Day Two, West to East
Optional Early Start
If you didn’t stop at Lula Cellars on day one (see above), begin day two there; otherwise, proceed 1.5 miles east to the next stop, Roederer, which opens at 11.
Toast the morning with great valley views and a little Roederer Estate bubbly courtesy of the California offspring of France’s Champagne Louis Roederer.
Phillips Hill Winery
Anderson Valley Pinot Noir (plus one from the nearby Comptche appellation) is the specialty at the next stop, Phillips Hill Winery, but for lovers of whites the winery also makes Chardonnay, Riesling, and Gewürztraminer. Tastings take place in a former apple-drying barn from the 1880s.
Philo Apple Farm
Continue the apple theme 1.5 miles east at the next stop, the self-service stand at the Philo Apple Farm. Look for apples and pears in season (fall) and apple products the rest of the year, along with jams, jellies, chutneys, and vinegars. The farm’s owners, who also operate the delightful Farmhouse Mercantile shop in downtown Boonville, also have four lodgings, three of them cottages, for overnight stays.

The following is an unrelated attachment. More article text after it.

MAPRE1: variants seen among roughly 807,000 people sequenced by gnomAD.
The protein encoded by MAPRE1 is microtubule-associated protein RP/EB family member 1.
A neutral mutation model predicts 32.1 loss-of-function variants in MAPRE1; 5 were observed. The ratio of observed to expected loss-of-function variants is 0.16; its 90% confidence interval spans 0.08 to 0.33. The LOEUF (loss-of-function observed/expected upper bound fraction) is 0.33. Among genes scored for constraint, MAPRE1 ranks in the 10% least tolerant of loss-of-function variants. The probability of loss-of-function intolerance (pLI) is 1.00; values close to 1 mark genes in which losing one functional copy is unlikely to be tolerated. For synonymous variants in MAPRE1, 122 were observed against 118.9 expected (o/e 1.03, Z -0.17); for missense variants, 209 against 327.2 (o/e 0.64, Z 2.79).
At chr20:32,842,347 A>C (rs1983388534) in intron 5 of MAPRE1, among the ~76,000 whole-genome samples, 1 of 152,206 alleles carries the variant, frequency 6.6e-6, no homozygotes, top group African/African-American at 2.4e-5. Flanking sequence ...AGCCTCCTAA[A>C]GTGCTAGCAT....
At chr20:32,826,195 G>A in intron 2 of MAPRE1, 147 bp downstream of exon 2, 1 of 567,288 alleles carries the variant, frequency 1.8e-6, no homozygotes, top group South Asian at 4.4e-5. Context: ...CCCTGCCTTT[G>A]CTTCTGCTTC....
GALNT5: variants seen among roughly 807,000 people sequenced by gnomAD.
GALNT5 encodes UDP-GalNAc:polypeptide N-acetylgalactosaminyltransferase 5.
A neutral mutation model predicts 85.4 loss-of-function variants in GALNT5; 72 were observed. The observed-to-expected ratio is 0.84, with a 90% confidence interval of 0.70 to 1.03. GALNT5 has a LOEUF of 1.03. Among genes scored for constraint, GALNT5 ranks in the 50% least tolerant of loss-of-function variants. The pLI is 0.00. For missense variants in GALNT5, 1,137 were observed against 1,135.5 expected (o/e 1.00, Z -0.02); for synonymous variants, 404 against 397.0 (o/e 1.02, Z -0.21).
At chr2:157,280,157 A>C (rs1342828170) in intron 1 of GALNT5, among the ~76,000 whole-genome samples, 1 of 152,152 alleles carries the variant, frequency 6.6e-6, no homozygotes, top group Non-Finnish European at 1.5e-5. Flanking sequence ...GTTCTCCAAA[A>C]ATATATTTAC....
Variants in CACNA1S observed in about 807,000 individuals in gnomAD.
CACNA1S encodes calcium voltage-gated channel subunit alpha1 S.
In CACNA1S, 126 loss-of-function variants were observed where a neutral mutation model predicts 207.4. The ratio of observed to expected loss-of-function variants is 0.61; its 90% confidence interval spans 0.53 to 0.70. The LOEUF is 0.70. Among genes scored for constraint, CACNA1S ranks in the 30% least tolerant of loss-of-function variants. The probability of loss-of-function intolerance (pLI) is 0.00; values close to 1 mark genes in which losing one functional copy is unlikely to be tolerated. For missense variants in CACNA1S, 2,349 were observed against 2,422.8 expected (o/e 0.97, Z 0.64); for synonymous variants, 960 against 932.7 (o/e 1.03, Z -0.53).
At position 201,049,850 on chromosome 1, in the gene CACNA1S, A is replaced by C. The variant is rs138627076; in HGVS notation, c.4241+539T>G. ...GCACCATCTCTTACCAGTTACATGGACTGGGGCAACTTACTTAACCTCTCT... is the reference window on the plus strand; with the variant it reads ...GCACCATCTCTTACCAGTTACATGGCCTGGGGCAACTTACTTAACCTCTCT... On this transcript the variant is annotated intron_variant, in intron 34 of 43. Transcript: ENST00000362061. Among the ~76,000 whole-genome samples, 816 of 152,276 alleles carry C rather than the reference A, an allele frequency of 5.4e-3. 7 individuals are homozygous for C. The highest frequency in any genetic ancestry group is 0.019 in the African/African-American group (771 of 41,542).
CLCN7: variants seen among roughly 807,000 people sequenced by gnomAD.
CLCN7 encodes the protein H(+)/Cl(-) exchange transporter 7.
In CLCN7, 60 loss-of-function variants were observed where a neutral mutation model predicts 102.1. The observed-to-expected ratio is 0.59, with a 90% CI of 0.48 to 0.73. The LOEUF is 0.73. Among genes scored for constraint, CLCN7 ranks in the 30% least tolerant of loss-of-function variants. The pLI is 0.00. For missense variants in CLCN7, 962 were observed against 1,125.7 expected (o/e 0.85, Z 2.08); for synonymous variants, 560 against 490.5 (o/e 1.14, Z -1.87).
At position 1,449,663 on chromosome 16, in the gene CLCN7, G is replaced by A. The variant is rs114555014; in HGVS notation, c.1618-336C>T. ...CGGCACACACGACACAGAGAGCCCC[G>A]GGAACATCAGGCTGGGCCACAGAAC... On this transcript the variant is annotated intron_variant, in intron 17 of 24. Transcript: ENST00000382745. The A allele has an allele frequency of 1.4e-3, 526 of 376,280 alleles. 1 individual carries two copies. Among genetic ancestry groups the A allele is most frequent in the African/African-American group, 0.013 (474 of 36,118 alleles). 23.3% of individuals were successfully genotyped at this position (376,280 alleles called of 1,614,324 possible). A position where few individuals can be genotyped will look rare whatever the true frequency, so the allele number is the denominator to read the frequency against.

Lemons Philo Market
Stop by Lemons Philo Market for a deli sandwich before continuing to the next tasting.
Tasting Rooms at The Madrones
The days and hours of the three fine tasting rooms at The Madrones complex vary, but one or more will be open whatever day you visit. Drew Family Cellars has an outsize reputation for its coastal Pinot Noir and Syrah. Smith Story Wine Cellars is another fine producer of Anderson Valley Pinot Noirs. Many of the other wines—among them Sauvignon Blanc, Chardonnay, Merlot, Cabernet Franc, and Cabernet Sauvignon—are made with Sonoma County grapes. The Napa Valley-based Long Meadow Ranch serves Chardonnays and Pinot Noirs from its Anderson Valley estate.
Backtrack 1.5 miles west from The Madrones complex to this winery whose “Too Tense? Toulouse” sign near the entrance encourages all guests to kick back and relax. In addition to the expected Pinot Noir, Toulouse Vineyards also makes Pinot Gris, Gewürztraminer and Riesling whites (plus a rosé). Also in the lineup: Petite Sirah, made in a smooth, almost Pinot Noir–like style. The wines are good, the staffers are cool, and the views west to the ocean are often sublime.
Shop Downtown Boonville